Many Christian colleges, seminaries, and universities rent land or building space to generate extra revenue throughout the year (REO!). Generally, schools are not subject to unrelated business income taxes on real property rentals – even if those properties/facilities are “debt-financed”. Personal property rentals, even if rented as part of a facility rental, may be a different story.
Denali Christian College (DCC) is a private college that is exempt under Internal Revenue Code section 501(c)(3) and 170(b)(1)(A)(ii). As their auditors are on-site conducting the financial audit, they discover an invoice to a group called, “Halibut Computer Services”. The invoice is for use of a campus meeting room for two-days lists line items as follows:
Room rental (July 21, 22) $600
A/V Equipment rental $300
The audit team is concerned that some or all of the equipment rental may be subject to unrelated business income taxes (UBIT) – and, potentially, require Form 990-T filing. DCC’s Controller feels that the “facility rental” is not subject to UBIT because of the exclusion for schools under I.R.C. section 514(c)(9). We clarify that real property rentals are generally not subject to UBIT unless additional services or personal property rentals are involved. The personal property amount should be based upon the “fair market value” of the equipment in question.
If $300 is a true representation of the fair market value of the A/V equipment rental, then, because this “personal property rental” is more than 10% and less than 50% of the value of the total rent ($300/$900 = 33.333%), DCC would need to report the $300 A/V equipment rental as unrelated business income. However, they would be able to one-third (33.333%) of any direct or indirect expenses associated with the activity of renting the room as expenses to offset this income on Form 990-T. In addition, analysis should be done as to whether this equipment rental activity is a) engaged in with a profit motive, and/or b) regularly carried on.
From IRS Publication 598:
Rents. Rents from real property, including elevators and escalators, are excluded in computing unrelated business taxable income. Rents from personal property are not excluded. However, special rules apply to “mixed leases” of both real and personal property.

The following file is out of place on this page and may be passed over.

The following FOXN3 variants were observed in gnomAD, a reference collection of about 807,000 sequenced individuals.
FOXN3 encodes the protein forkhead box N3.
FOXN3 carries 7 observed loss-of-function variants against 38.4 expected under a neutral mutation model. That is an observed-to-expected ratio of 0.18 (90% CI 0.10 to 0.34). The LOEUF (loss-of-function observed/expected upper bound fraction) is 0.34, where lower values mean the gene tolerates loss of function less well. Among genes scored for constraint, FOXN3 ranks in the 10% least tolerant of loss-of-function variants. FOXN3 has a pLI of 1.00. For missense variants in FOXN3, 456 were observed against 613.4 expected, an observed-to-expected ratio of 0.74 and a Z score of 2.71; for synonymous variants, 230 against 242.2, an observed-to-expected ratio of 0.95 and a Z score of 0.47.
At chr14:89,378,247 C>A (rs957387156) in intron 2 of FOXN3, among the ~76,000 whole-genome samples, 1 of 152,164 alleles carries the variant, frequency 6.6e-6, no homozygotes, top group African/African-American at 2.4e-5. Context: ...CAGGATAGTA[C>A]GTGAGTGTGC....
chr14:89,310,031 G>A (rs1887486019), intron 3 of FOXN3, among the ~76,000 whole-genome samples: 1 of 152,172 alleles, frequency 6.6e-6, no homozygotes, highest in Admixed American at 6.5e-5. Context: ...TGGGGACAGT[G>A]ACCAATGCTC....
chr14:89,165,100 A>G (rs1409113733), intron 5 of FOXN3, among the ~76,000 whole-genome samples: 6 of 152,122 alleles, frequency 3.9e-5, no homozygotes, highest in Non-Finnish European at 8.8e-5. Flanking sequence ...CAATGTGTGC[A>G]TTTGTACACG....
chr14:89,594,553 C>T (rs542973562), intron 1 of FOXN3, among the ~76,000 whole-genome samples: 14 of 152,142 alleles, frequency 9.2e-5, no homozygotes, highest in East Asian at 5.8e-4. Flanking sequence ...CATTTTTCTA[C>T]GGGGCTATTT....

Mixed leases. In a mixed lease, all of the rents are excluded if the rents attributable to the personal property are not more than 10% of the total rents under the lease, as determined when the personal property is first placed in service by the lessee. If the rents attributable to personal property are more than 10% but not more than 50% of the total rents, only the rents attributable to the real property are excluded. If the rents attributable to the personal property are more than 50% of the total rents, none of the rents are excludable.
Property is placed in service when the lessee first may use it under the terms of a lease. For example, property subject to a lease entered into on November 1, for a term starting on January 1 of the next year, is considered placed in service on January 1, regardless of when the lessee first actually uses it.
If separate leases are entered into for real and personal property and the properties have an integrated use (for example, one or more leases for real property and another lease or leases for personal property to be used on the real property), all the leases will be considered as one lease.
The rent attributable to the personal property must be recomputed, and the treatment of the rents must be redetermined, if:
- The rent attributable to all the leased personal property increases by 100% or more because additional or substitute personal property is placed in service, or
- The lease is modified to change the rent charged (whether or not the amount of rented personal property changes).
Any change in the treatment of rents resulting from the recomputation is effective only for the period beginning with the event that caused the recomputation.
Personal property rentals (including A/V equipment, furniture, musical instruments, and/or cell phone towers) may generate income that is subject to unrelated business income taxes (UBIT). It is best to consult with a qualified tax advisor and get their guidance and assistance on these issues.
Specific questions? Email Dave Moja.
The information provided herein presents general information and should not be relied on as accounting, tax, or legal advice when analyzing and resolving a specific tax issue. If you have specific questions regarding a particular fact situation, please consult with competent accounting, tax, and/or legal counsel about the facts and laws that apply.